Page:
Grade book Write-Ups
A daily diary of every maneuver, mission, milestone, and mistake, the grade book documented the flight line experience of each UPT student. What mission was a student opted to fly? What emergency procedures had recently been discussed? What profile should be planned to ensure demonstration, practice, and proficiency in required training items? What special circumstances dealing with weather, health, or aircraft malfunction dictated deviation from the syllabus of instruction or the mission plan?
After each event, instructors would debrief student pilots and record grades for each maneuver attempted or demonstrated. If the IP used the blue end of his pencil, the student had met the minimum required level of proficiency for that particular maneuver on the ride. If the IP used the red end of his pencil, the student needed to improve before the last ride in the instruction block.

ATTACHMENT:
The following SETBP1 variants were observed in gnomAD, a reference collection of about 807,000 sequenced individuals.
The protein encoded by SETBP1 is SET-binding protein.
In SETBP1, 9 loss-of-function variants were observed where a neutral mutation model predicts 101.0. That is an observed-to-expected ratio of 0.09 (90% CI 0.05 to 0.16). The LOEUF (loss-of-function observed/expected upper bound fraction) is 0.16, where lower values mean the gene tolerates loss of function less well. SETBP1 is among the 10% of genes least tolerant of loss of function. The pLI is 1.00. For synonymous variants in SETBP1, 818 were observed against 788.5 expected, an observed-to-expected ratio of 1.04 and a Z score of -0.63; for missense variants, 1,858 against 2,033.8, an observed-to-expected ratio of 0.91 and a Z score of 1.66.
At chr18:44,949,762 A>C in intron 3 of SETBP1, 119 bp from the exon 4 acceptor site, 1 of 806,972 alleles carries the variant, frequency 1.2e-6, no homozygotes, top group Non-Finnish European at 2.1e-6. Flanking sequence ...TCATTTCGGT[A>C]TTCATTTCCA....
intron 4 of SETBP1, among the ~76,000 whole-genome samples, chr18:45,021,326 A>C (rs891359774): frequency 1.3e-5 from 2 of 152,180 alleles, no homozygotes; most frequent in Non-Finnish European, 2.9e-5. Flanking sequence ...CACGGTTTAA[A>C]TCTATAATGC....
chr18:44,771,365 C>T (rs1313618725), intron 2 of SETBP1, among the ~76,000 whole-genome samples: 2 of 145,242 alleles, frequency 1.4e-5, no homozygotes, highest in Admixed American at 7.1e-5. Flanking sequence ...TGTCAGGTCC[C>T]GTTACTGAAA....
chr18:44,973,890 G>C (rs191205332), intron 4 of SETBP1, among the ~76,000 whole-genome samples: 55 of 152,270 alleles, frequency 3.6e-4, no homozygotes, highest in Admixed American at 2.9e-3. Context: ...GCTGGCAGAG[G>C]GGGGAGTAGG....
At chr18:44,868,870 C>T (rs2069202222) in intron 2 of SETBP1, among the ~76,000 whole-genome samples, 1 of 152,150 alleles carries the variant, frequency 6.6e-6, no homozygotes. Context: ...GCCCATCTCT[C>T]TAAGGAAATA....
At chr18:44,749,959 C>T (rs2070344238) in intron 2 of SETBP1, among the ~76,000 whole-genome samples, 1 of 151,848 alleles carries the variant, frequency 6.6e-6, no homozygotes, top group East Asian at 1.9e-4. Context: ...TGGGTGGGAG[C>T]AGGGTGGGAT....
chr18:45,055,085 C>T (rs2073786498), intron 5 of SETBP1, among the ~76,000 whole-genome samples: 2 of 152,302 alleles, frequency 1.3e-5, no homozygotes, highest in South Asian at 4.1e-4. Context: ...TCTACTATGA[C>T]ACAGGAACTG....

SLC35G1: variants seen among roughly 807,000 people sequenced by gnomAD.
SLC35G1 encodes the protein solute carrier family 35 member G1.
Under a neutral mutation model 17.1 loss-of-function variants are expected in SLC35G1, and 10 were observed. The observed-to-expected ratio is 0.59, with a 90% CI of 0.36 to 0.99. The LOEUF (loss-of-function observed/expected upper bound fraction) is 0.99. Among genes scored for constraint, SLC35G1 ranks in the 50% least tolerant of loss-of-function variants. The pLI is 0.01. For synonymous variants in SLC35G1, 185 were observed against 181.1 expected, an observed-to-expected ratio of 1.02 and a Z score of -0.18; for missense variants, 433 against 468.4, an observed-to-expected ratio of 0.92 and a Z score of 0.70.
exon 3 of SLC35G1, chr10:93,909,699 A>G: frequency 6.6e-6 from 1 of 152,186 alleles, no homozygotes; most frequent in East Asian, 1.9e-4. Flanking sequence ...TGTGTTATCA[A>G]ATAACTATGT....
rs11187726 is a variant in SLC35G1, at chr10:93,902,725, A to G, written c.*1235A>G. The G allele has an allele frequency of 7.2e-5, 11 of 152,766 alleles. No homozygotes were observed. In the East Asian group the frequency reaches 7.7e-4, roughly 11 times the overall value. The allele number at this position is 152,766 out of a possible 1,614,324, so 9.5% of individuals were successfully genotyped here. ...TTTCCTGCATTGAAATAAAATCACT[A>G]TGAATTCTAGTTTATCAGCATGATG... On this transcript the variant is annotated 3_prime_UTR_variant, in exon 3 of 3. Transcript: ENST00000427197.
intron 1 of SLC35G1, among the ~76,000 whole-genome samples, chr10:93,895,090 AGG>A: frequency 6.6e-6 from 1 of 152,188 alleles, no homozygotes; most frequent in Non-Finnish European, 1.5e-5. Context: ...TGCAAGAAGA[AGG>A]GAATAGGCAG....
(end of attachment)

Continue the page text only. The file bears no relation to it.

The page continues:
Students would transcribe the handwritten grades to scantron sheets to be converted to the computerized grading record. Once converted, instructors would revoke and replace the errors students had made by incorrectly coding the scantron sheets via a process known as “R-squared.” Every error Kenny and I made in our T-37 grade books would cost us a bottle of beer – payable by the case. We bought many cases.
A thin, black, three-ring binder that but grew fatter over time as grade sheets and write-ups were added throughout training, the grade book was report card, lesson planner, flight log, and biography all in one. When I finally got serious about writing IF YOU AIN’T A PILOT…, the parts of my grade book that survived the years were invaluable in helping me organize dim and distant memories that entropy had scattered about my mind.